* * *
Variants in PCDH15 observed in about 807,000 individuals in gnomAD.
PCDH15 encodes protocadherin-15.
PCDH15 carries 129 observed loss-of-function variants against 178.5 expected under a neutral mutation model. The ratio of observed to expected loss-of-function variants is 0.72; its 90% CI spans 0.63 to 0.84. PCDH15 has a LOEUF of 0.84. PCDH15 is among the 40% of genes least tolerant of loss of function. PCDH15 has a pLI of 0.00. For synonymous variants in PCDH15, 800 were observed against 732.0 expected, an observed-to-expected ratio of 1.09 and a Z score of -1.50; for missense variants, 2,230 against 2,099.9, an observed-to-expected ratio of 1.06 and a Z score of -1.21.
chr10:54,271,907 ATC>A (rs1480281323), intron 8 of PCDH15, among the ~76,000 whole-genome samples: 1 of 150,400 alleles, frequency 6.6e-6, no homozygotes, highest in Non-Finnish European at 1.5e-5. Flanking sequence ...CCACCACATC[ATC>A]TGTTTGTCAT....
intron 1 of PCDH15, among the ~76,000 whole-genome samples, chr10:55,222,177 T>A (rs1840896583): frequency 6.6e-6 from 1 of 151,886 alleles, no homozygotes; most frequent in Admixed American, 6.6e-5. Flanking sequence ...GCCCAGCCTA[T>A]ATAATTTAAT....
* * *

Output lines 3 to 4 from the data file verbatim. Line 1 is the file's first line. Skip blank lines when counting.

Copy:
PCDH15 carries 129 observed loss-of-function variants against 178.5 expected under a neutral mutation model. The ratio of observed to expected loss-of-function variants is 0.72; its 90% CI spans 0.63 to 0.84. PCDH15 has a LOEUF of 0.84. PCDH15 is among the 40% of genes least tolerant of loss of function. PCDH15 has a pLI of 0.00. For synonymous variants in PCDH15, 800 were observed against 732.0 expected, an observed-to-expected ratio of 1.09 and a Z score of -1.50; for missense variants, 2,230 against 2,099.9, an observed-to-expected ratio of 1.06 and a Z score of -1.21.
chr10:54,271,907 ATC>A (rs1480281323), intron 8 of PCDH15, among the ~76,000 whole-genome samples: 1 of 150,400 alleles, frequency 6.6e-6, no homozygotes, highest in Non-Finnish European at 1.5e-5. Flanking sequence ...CCACCACATC[ATC>A]TGTTTGTCAT....